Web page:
Small herb plants are ideal for container gardens when you don't have a lot of space, when your yard is shady or when your soil is contaminated or poor quality. Many container herbs are perennial, which means you can keep them alive year-round. Purchase herb transplants from local garden centers or nurseries in the spring then plant them into containers. Enjoy fresh herbs in marinades, sauces, salads or meat dishes.
Arrange your plants into groupings or plan to plant one herb per container. Separate out annual herbs (such as anise or basil) from perennials (such as chamomile or lemon thyme) and plant them separately.
Select a suitable container with drainage holes in the bottom, since this guards against root rot. Fill the container two-thirds full with a soilless potting medium. These work well because they are quick draining.
Remove your herb plants from their plastic containers and place them in the prepared container. Per Utah State University, each herb plant needs about 1 gallon of soil mix, so a 5-gallon pot could hold 5 plants, although you should not crowd the plants densely.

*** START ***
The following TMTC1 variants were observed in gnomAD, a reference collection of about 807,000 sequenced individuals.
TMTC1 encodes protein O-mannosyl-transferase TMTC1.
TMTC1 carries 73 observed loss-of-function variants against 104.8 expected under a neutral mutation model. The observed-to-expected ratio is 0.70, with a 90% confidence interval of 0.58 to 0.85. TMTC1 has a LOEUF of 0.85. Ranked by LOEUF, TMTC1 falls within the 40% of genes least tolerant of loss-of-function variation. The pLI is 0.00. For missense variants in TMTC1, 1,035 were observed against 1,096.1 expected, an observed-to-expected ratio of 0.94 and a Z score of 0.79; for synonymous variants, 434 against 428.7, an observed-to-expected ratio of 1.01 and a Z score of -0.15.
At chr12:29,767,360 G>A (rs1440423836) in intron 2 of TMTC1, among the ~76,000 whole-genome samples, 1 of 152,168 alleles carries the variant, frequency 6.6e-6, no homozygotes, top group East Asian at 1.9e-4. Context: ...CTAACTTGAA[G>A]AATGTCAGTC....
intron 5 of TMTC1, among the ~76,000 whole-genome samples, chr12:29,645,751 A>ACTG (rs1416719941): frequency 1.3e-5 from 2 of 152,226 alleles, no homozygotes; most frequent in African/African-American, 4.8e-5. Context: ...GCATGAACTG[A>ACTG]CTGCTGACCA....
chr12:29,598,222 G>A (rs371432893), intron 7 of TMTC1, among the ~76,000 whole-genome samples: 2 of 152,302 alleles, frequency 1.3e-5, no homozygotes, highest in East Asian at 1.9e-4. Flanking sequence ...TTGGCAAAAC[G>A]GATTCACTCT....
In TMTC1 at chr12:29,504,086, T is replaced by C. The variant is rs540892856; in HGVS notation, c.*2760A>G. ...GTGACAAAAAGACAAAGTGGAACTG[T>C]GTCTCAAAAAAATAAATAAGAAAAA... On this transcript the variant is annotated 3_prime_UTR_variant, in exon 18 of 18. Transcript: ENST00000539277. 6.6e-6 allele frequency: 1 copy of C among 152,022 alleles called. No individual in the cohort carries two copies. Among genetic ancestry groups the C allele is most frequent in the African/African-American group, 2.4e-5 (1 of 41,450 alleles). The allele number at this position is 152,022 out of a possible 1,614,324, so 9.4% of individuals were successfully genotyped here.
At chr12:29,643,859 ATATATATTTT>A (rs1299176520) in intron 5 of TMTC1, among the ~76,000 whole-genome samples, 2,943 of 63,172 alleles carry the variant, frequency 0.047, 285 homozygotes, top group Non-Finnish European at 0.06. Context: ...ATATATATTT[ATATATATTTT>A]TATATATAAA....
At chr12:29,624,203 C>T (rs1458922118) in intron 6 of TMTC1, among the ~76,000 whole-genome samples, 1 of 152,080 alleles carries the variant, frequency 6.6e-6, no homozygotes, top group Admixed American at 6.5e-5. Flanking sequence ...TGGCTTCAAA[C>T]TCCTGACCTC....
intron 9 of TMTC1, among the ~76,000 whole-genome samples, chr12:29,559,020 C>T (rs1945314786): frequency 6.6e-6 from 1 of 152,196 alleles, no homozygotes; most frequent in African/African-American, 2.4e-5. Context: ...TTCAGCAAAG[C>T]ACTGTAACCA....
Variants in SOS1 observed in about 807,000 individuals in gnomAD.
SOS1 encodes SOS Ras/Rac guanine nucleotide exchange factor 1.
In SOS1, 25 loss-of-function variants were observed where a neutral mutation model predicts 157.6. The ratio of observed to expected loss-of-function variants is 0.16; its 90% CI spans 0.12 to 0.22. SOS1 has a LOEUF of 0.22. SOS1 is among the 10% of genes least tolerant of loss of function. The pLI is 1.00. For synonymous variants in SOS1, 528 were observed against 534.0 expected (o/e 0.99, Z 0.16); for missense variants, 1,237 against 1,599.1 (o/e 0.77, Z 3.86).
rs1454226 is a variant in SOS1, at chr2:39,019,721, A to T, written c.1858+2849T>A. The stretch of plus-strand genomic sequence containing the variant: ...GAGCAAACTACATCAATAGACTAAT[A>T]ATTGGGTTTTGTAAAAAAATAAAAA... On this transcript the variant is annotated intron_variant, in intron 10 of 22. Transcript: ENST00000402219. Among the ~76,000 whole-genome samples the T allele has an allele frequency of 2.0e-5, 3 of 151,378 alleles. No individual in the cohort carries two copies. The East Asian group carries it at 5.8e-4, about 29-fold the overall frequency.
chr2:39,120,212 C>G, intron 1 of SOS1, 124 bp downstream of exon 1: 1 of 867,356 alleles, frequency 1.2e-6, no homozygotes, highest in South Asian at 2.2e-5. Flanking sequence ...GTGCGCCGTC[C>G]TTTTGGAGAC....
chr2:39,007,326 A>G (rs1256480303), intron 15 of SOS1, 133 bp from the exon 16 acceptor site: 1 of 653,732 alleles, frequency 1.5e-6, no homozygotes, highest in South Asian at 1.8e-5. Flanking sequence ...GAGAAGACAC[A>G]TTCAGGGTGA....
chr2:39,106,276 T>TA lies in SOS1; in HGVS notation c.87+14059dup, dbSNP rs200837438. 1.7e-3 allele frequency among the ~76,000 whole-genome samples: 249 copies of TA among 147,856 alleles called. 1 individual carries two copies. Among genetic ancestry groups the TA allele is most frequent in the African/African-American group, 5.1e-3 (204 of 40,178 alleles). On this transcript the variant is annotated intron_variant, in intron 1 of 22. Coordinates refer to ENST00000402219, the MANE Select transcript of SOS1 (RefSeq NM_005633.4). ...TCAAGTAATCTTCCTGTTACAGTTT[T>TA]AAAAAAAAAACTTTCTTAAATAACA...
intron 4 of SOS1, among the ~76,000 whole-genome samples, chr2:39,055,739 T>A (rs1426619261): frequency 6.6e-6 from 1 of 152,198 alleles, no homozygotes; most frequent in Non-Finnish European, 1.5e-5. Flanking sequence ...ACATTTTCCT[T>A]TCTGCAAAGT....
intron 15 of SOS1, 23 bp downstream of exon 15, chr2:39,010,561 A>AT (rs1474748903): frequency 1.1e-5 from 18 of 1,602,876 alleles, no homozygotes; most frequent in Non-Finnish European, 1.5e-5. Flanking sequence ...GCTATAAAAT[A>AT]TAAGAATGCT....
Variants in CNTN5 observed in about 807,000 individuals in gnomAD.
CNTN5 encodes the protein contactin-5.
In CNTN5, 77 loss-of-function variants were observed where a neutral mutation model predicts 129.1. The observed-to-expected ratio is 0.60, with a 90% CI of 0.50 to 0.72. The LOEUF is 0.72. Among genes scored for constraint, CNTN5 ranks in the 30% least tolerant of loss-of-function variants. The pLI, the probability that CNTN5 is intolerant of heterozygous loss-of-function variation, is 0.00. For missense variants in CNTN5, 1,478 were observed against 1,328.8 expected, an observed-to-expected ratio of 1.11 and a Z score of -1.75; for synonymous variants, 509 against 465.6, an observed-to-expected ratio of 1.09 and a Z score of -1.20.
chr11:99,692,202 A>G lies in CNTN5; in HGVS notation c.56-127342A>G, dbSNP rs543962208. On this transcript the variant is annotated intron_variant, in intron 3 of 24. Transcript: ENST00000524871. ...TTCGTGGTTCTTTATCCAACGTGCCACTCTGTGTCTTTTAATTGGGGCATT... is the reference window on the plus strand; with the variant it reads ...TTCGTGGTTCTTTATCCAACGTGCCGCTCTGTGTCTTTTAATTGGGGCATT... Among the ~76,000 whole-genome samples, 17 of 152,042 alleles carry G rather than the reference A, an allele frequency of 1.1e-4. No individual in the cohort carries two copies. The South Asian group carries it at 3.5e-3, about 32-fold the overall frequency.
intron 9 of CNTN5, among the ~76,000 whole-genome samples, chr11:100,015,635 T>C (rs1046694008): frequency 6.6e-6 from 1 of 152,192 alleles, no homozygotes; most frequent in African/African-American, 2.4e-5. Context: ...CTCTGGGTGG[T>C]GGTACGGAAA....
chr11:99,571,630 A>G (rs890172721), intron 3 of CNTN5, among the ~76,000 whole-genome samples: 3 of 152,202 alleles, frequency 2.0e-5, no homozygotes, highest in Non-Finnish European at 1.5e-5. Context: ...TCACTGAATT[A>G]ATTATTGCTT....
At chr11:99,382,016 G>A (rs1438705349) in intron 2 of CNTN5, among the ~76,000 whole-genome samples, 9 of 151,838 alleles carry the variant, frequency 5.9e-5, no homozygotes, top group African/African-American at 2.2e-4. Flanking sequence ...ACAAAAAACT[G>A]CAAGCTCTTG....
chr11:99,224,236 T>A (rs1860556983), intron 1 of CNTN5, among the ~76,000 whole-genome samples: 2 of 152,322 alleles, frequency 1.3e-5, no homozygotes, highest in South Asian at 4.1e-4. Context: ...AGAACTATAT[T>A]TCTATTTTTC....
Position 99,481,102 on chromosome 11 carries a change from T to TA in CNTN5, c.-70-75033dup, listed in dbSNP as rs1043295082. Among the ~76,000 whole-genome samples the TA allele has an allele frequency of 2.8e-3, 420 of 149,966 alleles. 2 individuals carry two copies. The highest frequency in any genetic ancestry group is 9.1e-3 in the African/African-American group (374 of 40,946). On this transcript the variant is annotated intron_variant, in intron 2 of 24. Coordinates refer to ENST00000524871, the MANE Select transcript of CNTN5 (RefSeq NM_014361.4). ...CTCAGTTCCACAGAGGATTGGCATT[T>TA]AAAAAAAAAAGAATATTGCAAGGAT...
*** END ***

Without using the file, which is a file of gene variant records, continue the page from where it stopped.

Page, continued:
Fill the pots to within 1 inch of the top to plant the herbs.
Water the newly planted herbs until liquid flows out the drainage holes at the bottom of the container.
Place herb containers where they will receive full sunlight. Leave them outdoors unless temperatures fall below 40 F.
Mix a liquid soluble 10-20-10 fertilizer with water following the manufacturer's advice, and then store the rest in a water jug. This will be the base fertilizer you use to water your container herbs.
Water the container herbs daily using the prepared fertilizer solution until you see water flow from the drainage holes at the bottom, advises the University of Illinois.
Harvest herbs at any time by cutting the stalks with scissors.